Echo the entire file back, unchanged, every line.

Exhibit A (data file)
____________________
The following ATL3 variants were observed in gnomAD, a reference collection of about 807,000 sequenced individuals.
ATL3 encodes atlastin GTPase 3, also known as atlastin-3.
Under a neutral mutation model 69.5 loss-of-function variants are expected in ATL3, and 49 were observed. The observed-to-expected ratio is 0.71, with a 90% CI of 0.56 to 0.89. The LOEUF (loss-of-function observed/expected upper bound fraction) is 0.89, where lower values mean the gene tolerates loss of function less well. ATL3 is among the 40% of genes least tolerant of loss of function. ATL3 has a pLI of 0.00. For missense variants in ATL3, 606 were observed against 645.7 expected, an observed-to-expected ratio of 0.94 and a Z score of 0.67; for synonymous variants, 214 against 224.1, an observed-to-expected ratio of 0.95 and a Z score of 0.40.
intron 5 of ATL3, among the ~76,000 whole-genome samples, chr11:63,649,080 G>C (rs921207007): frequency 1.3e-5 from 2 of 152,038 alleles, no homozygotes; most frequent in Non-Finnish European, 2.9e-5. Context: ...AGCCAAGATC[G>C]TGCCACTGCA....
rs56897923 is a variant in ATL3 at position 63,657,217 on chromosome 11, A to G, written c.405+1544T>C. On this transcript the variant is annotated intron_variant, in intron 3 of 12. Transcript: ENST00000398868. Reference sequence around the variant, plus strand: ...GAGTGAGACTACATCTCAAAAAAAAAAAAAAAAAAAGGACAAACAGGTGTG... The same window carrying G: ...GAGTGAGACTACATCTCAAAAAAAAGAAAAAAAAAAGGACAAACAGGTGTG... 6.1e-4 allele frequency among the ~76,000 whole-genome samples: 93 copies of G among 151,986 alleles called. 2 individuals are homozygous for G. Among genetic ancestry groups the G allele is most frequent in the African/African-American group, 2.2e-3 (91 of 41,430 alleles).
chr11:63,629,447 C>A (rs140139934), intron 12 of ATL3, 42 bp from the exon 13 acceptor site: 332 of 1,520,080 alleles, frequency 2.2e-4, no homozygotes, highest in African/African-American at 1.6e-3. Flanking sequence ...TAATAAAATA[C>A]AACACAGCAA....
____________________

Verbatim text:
The following ATL3 variants were observed in gnomAD, a reference collection of about 807,000 sequenced individuals.
ATL3 encodes atlastin GTPase 3, also known as atlastin-3.
Under a neutral mutation model 69.5 loss-of-function variants are expected in ATL3, and 49 were observed. The observed-to-expected ratio is 0.71, with a 90% CI of 0.56 to 0.89. The LOEUF (loss-of-function observed/expected upper bound fraction) is 0.89, where lower values mean the gene tolerates loss of function less well. ATL3 is among the 40% of genes least tolerant of loss of function. ATL3 has a pLI of 0.00. For missense variants in ATL3, 606 were observed against 645.7 expected, an observed-to-expected ratio of 0.94 and a Z score of 0.67; for synonymous variants, 214 against 224.1, an observed-to-expected ratio of 0.95 and a Z score of 0.40.
intron 5 of ATL3, among the ~76,000 whole-genome samples, chr11:63,649,080 G>C (rs921207007): frequency 1.3e-5 from 2 of 152,038 alleles, no homozygotes; most frequent in Non-Finnish European, 2.9e-5. Context: ...AGCCAAGATC[G>C]TGCCACTGCA....
rs56897923 is a variant in ATL3 at position 63,657,217 on chromosome 11, A to G, written c.405+1544T>C. On this transcript the variant is annotated intron_variant, in intron 3 of 12. Transcript: ENST00000398868. Reference sequence around the variant, plus strand: ...GAGTGAGACTACATCTCAAAAAAAAAAAAAAAAAAAGGACAAACAGGTGTG... The same window carrying G: ...GAGTGAGACTACATCTCAAAAAAAAGAAAAAAAAAAGGACAAACAGGTGTG... 6.1e-4 allele frequency among the ~76,000 whole-genome samples: 93 copies of G among 151,986 alleles called. 2 individuals are homozygous for G. Among genetic ancestry groups the G allele is most frequent in the African/African-American group, 2.2e-3 (91 of 41,430 alleles).
chr11:63,629,447 C>A (rs140139934), intron 12 of ATL3, 42 bp from the exon 13 acceptor site: 332 of 1,520,080 alleles, frequency 2.2e-4, no homozygotes, highest in African/African-American at 1.6e-3. Flanking sequence ...TAATAAAATA[C>A]AACACAGCAA....